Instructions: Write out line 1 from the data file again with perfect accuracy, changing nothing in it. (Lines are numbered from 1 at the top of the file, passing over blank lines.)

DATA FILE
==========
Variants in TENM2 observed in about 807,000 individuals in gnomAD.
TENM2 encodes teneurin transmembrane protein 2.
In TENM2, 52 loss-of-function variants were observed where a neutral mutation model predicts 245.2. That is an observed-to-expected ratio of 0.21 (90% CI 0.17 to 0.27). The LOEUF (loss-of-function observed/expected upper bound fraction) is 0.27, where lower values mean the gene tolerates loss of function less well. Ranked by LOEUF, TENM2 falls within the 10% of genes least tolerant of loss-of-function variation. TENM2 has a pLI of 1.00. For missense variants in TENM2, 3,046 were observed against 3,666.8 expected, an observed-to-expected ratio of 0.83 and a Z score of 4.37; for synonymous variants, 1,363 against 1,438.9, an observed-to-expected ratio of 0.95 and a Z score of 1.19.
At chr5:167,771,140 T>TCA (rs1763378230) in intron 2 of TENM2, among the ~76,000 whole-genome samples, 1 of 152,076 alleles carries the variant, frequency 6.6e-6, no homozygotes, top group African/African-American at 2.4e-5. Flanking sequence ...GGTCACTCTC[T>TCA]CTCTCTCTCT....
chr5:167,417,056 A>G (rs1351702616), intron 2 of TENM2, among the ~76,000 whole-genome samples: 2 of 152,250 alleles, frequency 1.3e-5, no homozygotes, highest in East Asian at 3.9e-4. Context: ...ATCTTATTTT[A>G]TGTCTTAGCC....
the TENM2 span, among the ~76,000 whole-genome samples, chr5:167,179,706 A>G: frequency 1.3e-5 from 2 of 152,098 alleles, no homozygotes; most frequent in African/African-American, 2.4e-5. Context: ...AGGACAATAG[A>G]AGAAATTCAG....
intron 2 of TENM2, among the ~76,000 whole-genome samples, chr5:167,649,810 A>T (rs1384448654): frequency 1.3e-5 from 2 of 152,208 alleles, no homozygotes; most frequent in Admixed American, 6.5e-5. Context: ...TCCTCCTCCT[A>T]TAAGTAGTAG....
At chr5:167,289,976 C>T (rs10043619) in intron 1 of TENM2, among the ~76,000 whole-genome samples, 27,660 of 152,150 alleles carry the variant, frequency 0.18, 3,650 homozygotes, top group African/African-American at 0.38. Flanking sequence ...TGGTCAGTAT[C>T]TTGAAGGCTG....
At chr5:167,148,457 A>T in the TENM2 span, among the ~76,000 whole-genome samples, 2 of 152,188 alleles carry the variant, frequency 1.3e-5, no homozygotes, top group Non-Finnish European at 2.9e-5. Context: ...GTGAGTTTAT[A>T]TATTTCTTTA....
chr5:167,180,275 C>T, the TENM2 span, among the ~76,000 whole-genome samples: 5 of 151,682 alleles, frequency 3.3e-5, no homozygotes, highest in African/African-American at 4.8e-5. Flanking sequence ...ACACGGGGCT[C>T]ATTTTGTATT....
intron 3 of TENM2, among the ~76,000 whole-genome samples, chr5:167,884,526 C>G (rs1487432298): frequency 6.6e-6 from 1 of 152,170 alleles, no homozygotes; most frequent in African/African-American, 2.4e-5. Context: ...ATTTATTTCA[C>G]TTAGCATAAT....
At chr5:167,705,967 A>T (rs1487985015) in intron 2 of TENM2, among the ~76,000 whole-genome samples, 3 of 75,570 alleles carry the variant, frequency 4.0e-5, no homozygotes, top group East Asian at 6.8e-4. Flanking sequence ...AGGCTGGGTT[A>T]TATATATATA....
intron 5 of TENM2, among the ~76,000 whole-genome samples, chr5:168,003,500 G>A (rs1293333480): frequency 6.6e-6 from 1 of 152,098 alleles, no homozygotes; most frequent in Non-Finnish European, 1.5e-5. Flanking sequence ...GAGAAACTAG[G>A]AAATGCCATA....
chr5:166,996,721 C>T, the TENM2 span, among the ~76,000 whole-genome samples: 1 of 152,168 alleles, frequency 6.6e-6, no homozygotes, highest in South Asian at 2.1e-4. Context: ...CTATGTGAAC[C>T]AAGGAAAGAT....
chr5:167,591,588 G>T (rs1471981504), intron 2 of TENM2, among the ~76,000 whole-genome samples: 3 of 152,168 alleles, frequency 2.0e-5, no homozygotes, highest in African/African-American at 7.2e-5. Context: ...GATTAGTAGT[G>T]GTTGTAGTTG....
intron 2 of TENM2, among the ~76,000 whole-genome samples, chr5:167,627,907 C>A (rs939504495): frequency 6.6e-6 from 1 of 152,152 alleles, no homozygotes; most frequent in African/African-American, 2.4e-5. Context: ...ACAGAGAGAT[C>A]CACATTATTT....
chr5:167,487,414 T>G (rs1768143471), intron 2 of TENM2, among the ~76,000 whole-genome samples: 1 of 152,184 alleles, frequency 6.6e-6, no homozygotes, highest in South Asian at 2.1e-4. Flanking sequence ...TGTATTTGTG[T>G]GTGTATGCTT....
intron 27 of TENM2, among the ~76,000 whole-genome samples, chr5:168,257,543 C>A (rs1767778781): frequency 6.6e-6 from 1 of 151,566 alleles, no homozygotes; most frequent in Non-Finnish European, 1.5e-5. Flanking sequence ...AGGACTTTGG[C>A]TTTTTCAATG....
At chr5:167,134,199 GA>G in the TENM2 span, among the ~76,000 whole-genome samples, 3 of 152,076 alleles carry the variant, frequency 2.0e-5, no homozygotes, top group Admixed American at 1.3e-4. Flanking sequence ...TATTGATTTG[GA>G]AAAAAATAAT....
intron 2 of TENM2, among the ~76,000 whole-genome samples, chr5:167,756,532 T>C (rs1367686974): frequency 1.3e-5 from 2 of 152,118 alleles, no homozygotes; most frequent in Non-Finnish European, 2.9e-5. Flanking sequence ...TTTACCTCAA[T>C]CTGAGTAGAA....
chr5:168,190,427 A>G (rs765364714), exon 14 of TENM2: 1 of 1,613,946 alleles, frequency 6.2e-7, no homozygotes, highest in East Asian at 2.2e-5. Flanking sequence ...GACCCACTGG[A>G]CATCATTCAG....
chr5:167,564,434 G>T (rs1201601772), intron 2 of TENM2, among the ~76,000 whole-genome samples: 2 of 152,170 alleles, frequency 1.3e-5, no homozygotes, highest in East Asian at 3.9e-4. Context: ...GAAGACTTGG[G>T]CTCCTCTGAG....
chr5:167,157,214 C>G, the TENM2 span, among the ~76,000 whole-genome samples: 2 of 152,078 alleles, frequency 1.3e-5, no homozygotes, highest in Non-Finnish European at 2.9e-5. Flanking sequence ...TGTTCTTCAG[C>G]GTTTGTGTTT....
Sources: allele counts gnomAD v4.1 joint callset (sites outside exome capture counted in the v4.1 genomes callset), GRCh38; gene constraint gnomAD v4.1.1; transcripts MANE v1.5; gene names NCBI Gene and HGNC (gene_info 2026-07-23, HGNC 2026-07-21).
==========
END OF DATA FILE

Variants in TENM2 observed in about 807,000 individuals in gnomAD.